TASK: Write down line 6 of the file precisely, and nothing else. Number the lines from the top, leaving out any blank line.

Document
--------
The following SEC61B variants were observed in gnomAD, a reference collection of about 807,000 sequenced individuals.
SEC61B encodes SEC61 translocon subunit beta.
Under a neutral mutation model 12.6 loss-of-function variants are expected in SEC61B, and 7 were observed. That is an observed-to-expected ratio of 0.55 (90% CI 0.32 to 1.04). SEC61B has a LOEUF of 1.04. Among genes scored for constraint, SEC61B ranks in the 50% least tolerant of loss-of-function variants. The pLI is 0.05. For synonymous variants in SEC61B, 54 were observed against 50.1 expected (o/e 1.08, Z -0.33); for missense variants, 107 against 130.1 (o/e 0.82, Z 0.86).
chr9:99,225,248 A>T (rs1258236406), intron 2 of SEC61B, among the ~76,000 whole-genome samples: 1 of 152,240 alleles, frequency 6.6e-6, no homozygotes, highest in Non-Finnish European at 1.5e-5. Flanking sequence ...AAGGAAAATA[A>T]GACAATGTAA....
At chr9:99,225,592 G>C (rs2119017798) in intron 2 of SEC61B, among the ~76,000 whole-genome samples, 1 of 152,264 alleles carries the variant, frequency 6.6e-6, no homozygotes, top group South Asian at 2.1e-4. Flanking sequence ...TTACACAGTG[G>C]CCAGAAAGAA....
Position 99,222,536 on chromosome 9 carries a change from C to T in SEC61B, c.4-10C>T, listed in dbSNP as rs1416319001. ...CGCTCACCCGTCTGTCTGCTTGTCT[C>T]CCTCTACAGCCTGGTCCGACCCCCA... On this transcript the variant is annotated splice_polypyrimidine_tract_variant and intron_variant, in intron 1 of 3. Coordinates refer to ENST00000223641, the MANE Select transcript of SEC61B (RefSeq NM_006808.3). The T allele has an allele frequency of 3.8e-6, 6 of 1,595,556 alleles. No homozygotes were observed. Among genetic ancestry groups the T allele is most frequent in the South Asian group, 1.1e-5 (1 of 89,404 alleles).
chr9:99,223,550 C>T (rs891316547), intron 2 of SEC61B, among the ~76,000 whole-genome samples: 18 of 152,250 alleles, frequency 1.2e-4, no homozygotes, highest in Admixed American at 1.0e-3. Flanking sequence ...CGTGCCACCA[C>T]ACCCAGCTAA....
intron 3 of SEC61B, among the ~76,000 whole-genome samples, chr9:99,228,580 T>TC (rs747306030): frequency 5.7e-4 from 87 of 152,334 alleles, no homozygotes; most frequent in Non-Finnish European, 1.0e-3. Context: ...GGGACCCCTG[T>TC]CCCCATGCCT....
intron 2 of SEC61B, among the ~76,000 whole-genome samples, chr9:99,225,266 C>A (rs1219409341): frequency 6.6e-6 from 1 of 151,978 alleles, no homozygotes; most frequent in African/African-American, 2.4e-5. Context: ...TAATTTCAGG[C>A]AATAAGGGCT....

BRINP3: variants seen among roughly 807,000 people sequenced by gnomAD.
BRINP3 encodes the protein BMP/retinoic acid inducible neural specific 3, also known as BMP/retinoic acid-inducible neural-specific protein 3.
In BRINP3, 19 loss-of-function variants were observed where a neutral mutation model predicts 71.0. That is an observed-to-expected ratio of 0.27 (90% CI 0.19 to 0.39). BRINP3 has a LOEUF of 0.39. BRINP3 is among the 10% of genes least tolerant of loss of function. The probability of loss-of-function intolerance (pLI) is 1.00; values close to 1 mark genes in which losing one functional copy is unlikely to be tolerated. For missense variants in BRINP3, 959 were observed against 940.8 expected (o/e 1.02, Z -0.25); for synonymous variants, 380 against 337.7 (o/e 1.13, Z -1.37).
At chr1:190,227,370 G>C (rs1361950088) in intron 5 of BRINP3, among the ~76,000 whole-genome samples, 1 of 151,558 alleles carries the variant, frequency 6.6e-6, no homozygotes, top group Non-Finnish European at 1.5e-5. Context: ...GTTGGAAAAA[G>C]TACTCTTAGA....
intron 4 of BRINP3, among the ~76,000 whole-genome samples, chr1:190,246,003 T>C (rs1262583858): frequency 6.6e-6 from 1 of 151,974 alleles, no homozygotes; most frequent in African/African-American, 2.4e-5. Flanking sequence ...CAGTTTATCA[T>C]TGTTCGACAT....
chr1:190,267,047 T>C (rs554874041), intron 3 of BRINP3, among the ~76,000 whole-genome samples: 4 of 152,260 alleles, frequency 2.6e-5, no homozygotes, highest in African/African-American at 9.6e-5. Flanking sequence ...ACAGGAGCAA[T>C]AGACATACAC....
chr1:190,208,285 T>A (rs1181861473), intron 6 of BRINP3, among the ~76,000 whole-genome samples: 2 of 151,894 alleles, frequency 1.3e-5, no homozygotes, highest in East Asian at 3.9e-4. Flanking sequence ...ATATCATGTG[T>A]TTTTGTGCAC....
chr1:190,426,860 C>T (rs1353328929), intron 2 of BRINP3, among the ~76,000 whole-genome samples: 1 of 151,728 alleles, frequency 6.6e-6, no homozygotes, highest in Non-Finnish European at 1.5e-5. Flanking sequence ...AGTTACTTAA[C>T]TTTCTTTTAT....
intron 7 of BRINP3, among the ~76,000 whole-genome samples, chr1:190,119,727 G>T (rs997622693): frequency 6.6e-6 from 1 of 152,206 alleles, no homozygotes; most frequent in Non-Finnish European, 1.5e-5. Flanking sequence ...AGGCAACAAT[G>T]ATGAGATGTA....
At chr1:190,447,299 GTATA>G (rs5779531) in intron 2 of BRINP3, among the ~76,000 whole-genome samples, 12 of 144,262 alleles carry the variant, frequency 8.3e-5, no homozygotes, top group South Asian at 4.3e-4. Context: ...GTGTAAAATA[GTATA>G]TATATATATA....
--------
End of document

Position 99,222,536 on chromosome 9 carries a change from C to T in SEC61B, c.4-10C>T, listed in dbSNP as rs1416319001. ...CGCTCACCCGTCTGTCTGCTTGTCT[C>T]CCTCTACAGCCTGGTCCGACCCCCA... On this transcript the variant is annotated splice_polypyrimidine_tract_variant and intron_variant, in intron 1 of 3. Coordinates refer to ENST00000223641, the MANE Select transcript of SEC61B (RefSeq NM_006808.3). The T allele has an allele frequency of 3.8e-6, 6 of 1,595,556 alleles. No homozygotes were observed. Among genetic ancestry groups the T allele is most frequent in the South Asian group, 1.1e-5 (1 of 89,404 alleles).